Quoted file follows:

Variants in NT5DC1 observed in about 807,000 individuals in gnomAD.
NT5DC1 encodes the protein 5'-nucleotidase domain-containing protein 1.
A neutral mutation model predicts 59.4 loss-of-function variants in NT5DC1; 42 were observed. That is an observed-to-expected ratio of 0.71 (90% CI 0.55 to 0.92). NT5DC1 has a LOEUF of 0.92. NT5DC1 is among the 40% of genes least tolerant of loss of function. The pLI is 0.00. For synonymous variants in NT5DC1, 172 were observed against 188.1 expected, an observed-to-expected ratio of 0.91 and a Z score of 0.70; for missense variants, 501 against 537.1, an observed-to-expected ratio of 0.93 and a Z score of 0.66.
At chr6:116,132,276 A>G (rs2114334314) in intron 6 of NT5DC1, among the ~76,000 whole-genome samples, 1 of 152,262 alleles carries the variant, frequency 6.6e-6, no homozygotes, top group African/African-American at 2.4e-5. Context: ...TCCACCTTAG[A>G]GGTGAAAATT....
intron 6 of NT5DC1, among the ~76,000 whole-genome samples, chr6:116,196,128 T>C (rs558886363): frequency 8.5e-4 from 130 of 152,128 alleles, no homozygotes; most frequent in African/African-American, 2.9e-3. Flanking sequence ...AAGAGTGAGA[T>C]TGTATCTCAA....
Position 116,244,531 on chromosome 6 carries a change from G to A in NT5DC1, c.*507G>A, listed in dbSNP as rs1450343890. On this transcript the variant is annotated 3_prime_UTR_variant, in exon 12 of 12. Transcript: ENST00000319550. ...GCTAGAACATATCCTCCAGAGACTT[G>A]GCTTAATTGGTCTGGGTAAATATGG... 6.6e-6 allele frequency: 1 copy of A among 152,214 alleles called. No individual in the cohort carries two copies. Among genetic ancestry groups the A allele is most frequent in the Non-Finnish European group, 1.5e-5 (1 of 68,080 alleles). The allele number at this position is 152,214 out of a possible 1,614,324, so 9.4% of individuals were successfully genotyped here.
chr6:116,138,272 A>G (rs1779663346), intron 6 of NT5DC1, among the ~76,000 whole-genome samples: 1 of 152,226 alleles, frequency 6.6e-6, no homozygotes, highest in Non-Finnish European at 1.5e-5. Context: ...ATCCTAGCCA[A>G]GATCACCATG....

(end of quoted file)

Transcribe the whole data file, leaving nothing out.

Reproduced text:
Variants in NT5DC1 observed in about 807,000 individuals in gnomAD.
NT5DC1 encodes the protein 5'-nucleotidase domain-containing protein 1.
A neutral mutation model predicts 59.4 loss-of-function variants in NT5DC1; 42 were observed. That is an observed-to-expected ratio of 0.71 (90% CI 0.55 to 0.92). NT5DC1 has a LOEUF of 0.92. NT5DC1 is among the 40% of genes least tolerant of loss of function. The pLI is 0.00. For synonymous variants in NT5DC1, 172 were observed against 188.1 expected, an observed-to-expected ratio of 0.91 and a Z score of 0.70; for missense variants, 501 against 537.1, an observed-to-expected ratio of 0.93 and a Z score of 0.66.
At chr6:116,132,276 A>G (rs2114334314) in intron 6 of NT5DC1, among the ~76,000 whole-genome samples, 1 of 152,262 alleles carries the variant, frequency 6.6e-6, no homozygotes, top group African/African-American at 2.4e-5. Context: ...TCCACCTTAG[A>G]GGTGAAAATT....
intron 6 of NT5DC1, among the ~76,000 whole-genome samples, chr6:116,196,128 T>C (rs558886363): frequency 8.5e-4 from 130 of 152,128 alleles, no homozygotes; most frequent in African/African-American, 2.9e-3. Flanking sequence ...AAGAGTGAGA[T>C]TGTATCTCAA....
Position 116,244,531 on chromosome 6 carries a change from G to A in NT5DC1, c.*507G>A, listed in dbSNP as rs1450343890. On this transcript the variant is annotated 3_prime_UTR_variant, in exon 12 of 12. Transcript: ENST00000319550. ...GCTAGAACATATCCTCCAGAGACTT[G>A]GCTTAATTGGTCTGGGTAAATATGG... 6.6e-6 allele frequency: 1 copy of A among 152,214 alleles called. No individual in the cohort carries two copies. Among genetic ancestry groups the A allele is most frequent in the Non-Finnish European group, 1.5e-5 (1 of 68,080 alleles). The allele number at this position is 152,214 out of a possible 1,614,324, so 9.4% of individuals were successfully genotyped here.
chr6:116,138,272 A>G (rs1779663346), intron 6 of NT5DC1, among the ~76,000 whole-genome samples: 1 of 152,226 alleles, frequency 6.6e-6, no homozygotes, highest in Non-Finnish European at 1.5e-5. Context: ...ATCCTAGCCA[A>G]GATCACCATG....